General thoughts

1.
English pronunciation over centuries has increasingly cut corners becoming easier to speak, but in so doing has distanced itself from original English pronunciation.

2.
Much has been written on the necessity to make English spelling simpler to pronounce. A great amount of information regarding proposed improvements can be obtained from the Simpler Spelling Society. www.spellingsociety.org

3.
In the meantime, there are more Continentals than British learning to speak and write English, in which case, it seems reasonable that where continental spelling better reflects the common English pronunciation, it should be applied.

4.
Consistent phonetic spelling simplifies not only the writing of English but also its pronunciation. This is particularly important for foreign people learning to speak English from books.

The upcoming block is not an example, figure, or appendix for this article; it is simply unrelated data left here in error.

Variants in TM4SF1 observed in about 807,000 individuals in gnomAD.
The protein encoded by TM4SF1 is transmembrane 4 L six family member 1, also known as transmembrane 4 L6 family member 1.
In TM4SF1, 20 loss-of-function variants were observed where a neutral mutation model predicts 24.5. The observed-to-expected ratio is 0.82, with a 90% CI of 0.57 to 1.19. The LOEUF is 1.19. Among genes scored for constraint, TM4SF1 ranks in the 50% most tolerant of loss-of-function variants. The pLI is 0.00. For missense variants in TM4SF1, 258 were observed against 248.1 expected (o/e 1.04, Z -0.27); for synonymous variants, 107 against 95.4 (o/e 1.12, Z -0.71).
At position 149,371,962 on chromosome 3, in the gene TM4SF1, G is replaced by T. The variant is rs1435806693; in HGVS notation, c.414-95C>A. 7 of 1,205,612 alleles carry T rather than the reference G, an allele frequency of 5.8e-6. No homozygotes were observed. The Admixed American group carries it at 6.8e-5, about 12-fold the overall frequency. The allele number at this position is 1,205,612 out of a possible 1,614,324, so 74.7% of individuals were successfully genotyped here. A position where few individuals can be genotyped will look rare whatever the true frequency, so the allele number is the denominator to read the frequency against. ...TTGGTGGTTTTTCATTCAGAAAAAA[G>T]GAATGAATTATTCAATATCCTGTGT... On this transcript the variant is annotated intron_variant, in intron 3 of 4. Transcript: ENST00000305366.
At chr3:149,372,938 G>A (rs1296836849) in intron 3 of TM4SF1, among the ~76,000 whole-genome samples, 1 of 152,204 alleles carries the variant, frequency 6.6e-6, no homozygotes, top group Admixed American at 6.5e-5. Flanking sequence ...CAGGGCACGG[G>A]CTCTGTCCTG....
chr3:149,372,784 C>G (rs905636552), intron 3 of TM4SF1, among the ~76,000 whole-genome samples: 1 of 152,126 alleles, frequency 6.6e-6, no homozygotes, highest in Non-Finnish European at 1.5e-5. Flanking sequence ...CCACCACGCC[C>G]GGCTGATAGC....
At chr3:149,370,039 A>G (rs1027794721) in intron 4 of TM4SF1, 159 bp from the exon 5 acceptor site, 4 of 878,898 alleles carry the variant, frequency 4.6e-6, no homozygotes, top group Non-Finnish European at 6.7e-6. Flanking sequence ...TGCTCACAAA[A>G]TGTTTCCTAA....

5.
Most Sayspel proposals are obvious and often coincide with longstanding proposals. The Sayspel presentation however is especially concise and consistent.

6.
Compacting the proposals should prove valuable to those interested in the rationalising of English spelling but do not have the time or desire to wade through pages of rules and explanations.

7.
The contents and presentation of the ‘Sayspel Pronunciation Guide’ though perhaps appearing simple, evolved only after much time and consideration was given to alternative solutions.

8.
An average person will be able to digest these proposals in a few days and be able to read and write passages comfortably within weeks, without referring to the Sayspel Chart.

9.
The spelling reform of words in specific areas of science, medicine, aviation and safety related branches of industry and commerce would be a matter for the relevant authorities.

10.
Deviation in pronunciations through different local dialects inevitably occur and can be accepted.

11.
Our forefathers fortunately abandoned the ch-gh, ‘guttural’ sound, ignored the trend towards masculine and feminine, tables, chairs, knives and forks etc. still fashionable in continental countries, and did not bother much about conjugating verbs. They left us with an easy language to speak but a difficult one to write.